Charles D. Hawker, PhD
Dr. Charles Hawker is Scientific Director for Automation and Special Projects at ARUP, where he has been for 21 years. Dr. Hawker is also Professor (Adjunct) of Pathology in the University of Utah, School of Medicine. Prior to joining ARUP, over a twenty year period, he held various positions in research and development and management at Laboratory Procedures, Inc. (Upjohn) and SmithKline Beecham Clinical Labs. At ARUP he has installed several major automation and robotic systems that have made ARUP the most automated clinical laboratory in North America. He is a past president of the Association of Clinical Scientists (ACS), the National Academy of Clinical Biochemistry (NACB), and the Clinical Ligand Assay Society (CLAS). He is the current Secretary of the ACS and Secretary of the Management Sciences and Patient Safety Division of the American Association for Clinical Chemistry (AACC). He has received the John V. Bergen Award of the Clinical and Laboratory Standards Institute (CLSI) in recognition of unique and significant contributions that have advanced CLSI organizational directives and objectives, the Professor Alvin Dubin Award from the NACB for contributions to the profession and to the Academy, a Diploma of Honor from ACS, and the Becton Dickinson Award from the Association for Laboratory Automation for significant contributions to medical systems engineering.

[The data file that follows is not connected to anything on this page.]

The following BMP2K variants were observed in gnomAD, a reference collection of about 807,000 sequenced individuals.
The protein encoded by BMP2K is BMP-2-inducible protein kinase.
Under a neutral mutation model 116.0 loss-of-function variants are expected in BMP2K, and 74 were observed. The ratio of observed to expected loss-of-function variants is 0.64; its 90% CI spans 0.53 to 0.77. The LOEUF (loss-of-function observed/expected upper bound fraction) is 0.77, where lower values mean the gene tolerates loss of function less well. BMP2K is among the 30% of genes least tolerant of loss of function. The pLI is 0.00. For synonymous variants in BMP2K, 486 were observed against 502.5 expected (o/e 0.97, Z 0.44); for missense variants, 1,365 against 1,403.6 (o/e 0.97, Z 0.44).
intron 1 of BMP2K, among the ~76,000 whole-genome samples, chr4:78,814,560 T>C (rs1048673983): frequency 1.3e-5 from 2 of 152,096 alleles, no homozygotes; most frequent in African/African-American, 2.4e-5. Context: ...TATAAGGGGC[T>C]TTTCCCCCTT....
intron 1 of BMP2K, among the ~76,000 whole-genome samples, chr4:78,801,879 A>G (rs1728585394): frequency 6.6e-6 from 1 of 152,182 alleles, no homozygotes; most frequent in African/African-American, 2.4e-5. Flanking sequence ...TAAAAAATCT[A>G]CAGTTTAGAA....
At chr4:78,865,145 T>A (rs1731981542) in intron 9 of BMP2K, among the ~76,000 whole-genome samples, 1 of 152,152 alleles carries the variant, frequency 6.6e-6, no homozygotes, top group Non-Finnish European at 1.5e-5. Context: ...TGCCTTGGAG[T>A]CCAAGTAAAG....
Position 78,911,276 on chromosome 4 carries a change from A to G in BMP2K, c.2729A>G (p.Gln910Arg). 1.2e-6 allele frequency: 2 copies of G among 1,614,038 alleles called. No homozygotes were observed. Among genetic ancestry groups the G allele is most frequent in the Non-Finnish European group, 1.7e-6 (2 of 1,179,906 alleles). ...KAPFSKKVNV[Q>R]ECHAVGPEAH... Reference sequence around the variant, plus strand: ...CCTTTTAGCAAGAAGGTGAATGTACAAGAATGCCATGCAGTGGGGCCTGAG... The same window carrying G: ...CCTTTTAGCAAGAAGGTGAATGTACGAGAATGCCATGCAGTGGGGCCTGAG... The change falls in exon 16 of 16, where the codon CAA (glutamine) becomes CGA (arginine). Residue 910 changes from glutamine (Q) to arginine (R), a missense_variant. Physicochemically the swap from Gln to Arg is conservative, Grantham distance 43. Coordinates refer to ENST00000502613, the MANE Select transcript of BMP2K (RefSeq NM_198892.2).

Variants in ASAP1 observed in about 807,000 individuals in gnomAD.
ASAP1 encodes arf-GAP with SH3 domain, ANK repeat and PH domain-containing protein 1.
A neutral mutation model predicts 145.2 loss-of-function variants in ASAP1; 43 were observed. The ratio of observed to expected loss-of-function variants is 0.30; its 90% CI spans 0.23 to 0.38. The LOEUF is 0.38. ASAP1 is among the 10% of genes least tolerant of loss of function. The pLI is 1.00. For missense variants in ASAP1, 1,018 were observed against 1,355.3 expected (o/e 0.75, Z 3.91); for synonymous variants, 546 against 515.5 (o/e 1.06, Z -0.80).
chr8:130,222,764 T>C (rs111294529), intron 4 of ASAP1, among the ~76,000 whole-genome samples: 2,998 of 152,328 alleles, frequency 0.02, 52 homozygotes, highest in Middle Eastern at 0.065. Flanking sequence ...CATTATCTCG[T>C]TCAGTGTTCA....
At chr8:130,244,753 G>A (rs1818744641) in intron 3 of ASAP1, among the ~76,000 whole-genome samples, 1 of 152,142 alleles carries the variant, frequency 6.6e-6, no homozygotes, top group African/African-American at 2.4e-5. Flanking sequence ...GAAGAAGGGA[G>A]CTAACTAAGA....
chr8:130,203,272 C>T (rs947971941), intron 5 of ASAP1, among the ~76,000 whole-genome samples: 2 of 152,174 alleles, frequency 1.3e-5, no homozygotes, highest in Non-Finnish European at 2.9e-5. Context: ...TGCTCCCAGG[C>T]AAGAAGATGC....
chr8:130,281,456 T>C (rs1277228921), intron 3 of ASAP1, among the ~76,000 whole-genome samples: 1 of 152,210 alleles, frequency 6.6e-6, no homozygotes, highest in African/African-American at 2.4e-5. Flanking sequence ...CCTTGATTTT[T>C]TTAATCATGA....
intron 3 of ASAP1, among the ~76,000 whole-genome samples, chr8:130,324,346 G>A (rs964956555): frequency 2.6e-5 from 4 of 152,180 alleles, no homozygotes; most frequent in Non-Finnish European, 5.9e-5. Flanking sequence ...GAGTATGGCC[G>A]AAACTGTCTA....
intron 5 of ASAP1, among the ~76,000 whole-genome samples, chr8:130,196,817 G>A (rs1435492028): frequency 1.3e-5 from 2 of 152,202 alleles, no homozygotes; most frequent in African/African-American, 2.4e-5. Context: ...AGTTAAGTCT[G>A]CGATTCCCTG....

Dr. Hawker received a BA (Chemistry) from Illinois Wesleyan University in 1962, an MS (Biochemistry) from the University of Wisconsin (Madison) in 1965, a PhD (Biochemistry) from the University of Pennsylvania (Philadelphia) in 1967, and an MBA from Washington University (St. Louis) in 1985. He is a co-author of chapters on clinical laboratory automation in the 4th and 5th Editions of the Tietz Textbook of Clinical Chemistry and Molecular Diagnostics, and the 6th Edition of the Tietz Fundamentals of Clinical Chemistry. He is also the author of a chapter on clinical laboratory automation in the December, 2007 issue of Clinics in Laboratory Medicine. He chaired two subcommittees that developed standards for CLSI and a special interest group that developed a new chapter in Health Level Seven’s Standard 2.4. He is a frequent lecturer on laboratory automation to national and international audiences. He has three issued patents and has published 42 peer-reviewed papers, 14 book chapters or invited reviews, two invited editorials, and 46 abstracts. His research accomplishments include the development of one of the first blood tests for human parathyroid hormone, which was widely used in the diagnosis of parathyroid and calcium disorders, and the discovery of a precursor form of the hormone, calcitonin, which lead to the development of a blood test useful in management of patients with septic shock. His most recent research efforts have focused on the use of machine vision systems for automated quality inspection of clinical laboratory specimens, particularly the development of an automated camera system that uses optical character verification (OCV) to identify mislabeled specimens.